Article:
AYS Daily Digest 06/09/17: As expected, Slovakia and Hungary lose in EU Court
Relocation still mandatory / Greek Asylum Service’s staff on strike / Police violence in Belgium / Update with current needs in Paris / Asylum seekers and police clash in Finland / Sweden must stop border controls in November, EU says / Report on Afghan minors in Italy / Upcoming deportation of 15 people in Germany / And more news…
FEATURE: Slovakia and Hungary lose in EU Court of Justice
Slovakia and Hungary did not win their fight over the obligation to participate in the EU’s relocation program. The two countries’ intention was to get the decision annulled. The EU’s Court of Justice, based in Luxembourg, ruled in favour with the European Commission. Slovakia and Hungary claimed that it should be the heads of states that decide on this issue and that the decision taken with majority by the migration ministers within the union was not in fact valid. The Court denounced this opinion and in a statement quoted by Reuters said that its decision stands firm.
“The mechanism actually contributes to enabling Greece and Italy to deal with the impact of the 2015 migration crisis and is proportionate.”
What is worth noting in relation to this is that regardless of this single positive decision, the relocation mechanism remains far from a success. The ambition was to ease the situation for the countries mentioned above, but in reality that barely has happened. Instead of relocating 160,000 people—which soon became 120,000 after 54,000 places were given to Syrians in Turkey — the program has so far relocated between 25,000 and 27,000 people, depending on the sources. Reuters uses the most modest number, and the EC the higher one. Brussels will, according to the Court’s decision, still have the right to force everyone to accept asylum seekers from the program, that in total so far haven’t relocated even a quarter of the goal of 120,000 people.
The lack of self-criticism is incredible. In the meantime, human beings are suffering for the European Unions shortcomings and lack of sustainable solutions. It is not that hard to describe ones action as a success, if the goal constantly is adjusted according to what has been achieved so far and not what the intention once was.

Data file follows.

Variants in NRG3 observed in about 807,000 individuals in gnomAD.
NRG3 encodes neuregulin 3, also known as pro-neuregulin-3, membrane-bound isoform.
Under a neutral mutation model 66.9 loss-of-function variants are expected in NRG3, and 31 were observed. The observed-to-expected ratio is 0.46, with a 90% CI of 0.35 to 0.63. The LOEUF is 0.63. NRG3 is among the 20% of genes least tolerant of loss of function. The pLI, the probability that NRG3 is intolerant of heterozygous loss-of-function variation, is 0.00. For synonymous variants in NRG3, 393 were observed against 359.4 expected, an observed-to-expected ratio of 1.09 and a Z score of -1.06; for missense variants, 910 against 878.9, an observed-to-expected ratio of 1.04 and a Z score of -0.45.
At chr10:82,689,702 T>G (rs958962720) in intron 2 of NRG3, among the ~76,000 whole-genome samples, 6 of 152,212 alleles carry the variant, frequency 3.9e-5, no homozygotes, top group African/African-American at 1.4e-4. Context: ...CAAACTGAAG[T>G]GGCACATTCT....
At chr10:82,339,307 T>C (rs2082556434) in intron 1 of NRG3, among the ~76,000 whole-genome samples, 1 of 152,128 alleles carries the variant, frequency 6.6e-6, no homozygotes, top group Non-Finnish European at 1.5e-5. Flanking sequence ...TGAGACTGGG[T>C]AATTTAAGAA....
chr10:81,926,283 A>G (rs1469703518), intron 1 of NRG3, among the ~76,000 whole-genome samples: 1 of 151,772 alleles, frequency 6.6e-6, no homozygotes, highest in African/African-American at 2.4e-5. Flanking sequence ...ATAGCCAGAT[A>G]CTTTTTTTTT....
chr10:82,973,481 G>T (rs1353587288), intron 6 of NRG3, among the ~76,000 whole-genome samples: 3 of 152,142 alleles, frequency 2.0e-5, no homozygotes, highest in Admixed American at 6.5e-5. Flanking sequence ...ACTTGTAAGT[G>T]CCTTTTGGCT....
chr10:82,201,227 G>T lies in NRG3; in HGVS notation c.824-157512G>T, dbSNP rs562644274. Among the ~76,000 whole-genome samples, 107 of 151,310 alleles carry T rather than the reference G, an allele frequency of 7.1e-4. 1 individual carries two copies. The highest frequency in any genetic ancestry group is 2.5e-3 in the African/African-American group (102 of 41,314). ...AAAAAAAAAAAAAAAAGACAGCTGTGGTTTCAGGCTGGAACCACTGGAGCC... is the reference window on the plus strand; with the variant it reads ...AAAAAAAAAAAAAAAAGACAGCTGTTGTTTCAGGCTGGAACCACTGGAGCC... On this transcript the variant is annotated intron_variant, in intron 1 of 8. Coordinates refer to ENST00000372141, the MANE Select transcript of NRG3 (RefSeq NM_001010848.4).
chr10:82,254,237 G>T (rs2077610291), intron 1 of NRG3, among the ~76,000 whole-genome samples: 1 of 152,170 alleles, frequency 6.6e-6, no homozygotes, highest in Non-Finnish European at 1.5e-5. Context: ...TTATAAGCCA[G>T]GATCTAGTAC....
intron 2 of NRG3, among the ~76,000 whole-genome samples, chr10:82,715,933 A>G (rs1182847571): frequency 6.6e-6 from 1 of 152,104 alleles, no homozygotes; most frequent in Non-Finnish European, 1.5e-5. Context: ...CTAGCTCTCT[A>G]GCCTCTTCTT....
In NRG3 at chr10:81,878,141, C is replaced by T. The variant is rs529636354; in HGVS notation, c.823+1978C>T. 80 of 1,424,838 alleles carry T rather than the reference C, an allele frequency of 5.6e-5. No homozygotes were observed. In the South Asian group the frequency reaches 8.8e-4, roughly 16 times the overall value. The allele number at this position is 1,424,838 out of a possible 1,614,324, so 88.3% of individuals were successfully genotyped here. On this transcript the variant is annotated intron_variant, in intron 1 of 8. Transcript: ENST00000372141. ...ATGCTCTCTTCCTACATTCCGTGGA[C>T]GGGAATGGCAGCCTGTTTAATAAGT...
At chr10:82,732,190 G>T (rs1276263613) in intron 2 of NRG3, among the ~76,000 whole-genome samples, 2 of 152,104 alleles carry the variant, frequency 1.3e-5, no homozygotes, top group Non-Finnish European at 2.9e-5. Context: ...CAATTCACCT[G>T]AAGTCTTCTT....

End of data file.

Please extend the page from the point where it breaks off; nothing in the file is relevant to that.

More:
Instead of focusing on protection, the EU puts more efforts in external border controls to keep people away. And then there is the EU-Turkey Statement, that was implemented in March 2016. That one is also mentioned as a success, since the flow to the Greek island has decresed since then. Dimitris Avramopoulos, EU Migration Commissioner, today said that the arrivals to the Greek islands have dropped with 97 percent. It “continues to deliver results”. Unfortunately, the EU forgot to ask the people stuck in Turkey what they think about the agreement and how if have been affecting them. So far, 8800 Syrians in Turkey have been relocated of the 54 000 places that was made available when 160 000 became 120 000. More about the impacts the EU-Turkey statement has for those stuck in Greece, and those working for the Greek Asylum Service, under that headline or here.
The Dublin system in the first half of 2017, key figures from selected European countries, provided by AIDA. More information and details here.
Greek Asylum Service staff on strike
First of all, it is the people so often labeled as refugees that are affected by the over strained asylum system in Greece. But the employees are also in a difficult situation, Ekathimerini today reports. As mentioned in todays feature, EU’s attempts to help Greece and Italy, that is the main ports further into the EU and western Europe, fails. The success is not nearly noticed on the ground. In Greece, the pressure on the asylum system and the responsible department GAS (Greek Asylum Service) have been huge the last couple of years, and since everything is moving slowly it continues to be overloaded.
The people on strike at GAS are employed on short term contracts. They have launched the strike since they haven’t received their payments on time. Despite the fact that the EU-Turkey agreement has decreased the number of people arriving, the closed border policy is also doing that almost everyone that reaches Greece and got stuck in the country applies for asylum here. Which means a huge workload for GAS and its staff. The strike started today and will continue one more day. Tomorrow, Thursday, they will also protest in central Athens.